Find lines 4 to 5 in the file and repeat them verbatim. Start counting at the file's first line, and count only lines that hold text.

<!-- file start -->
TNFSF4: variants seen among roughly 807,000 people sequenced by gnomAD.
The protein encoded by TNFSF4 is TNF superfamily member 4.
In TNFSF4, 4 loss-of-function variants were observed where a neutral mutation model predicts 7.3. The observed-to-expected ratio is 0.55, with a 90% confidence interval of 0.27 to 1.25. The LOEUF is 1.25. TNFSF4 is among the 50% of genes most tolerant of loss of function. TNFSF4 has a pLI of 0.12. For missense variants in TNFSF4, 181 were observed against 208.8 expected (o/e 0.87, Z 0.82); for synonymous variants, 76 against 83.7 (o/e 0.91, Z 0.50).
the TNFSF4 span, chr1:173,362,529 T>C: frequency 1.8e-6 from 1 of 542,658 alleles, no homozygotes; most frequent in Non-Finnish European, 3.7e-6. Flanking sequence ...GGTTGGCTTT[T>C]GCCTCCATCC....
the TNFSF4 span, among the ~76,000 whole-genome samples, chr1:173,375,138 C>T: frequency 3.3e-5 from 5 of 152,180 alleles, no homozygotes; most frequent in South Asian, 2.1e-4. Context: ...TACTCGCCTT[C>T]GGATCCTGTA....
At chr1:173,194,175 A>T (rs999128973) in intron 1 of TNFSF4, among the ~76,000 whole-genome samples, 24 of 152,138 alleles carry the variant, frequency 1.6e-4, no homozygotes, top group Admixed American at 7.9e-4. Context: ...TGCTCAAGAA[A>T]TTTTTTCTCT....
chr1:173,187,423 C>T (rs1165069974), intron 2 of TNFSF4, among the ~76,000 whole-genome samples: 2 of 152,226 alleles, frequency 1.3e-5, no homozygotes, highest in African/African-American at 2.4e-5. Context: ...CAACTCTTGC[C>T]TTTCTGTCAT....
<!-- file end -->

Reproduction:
the TNFSF4 span, chr1:173,362,529 T>C: frequency 1.8e-6 from 1 of 542,658 alleles, no homozygotes; most frequent in Non-Finnish European, 3.7e-6. Flanking sequence ...GGTTGGCTTT[T>C]GCCTCCATCC....
the TNFSF4 span, among the ~76,000 whole-genome samples, chr1:173,375,138 C>T: frequency 3.3e-5 from 5 of 152,180 alleles, no homozygotes; most frequent in South Asian, 2.1e-4. Context: ...TACTCGCCTT[C>T]GGATCCTGTA....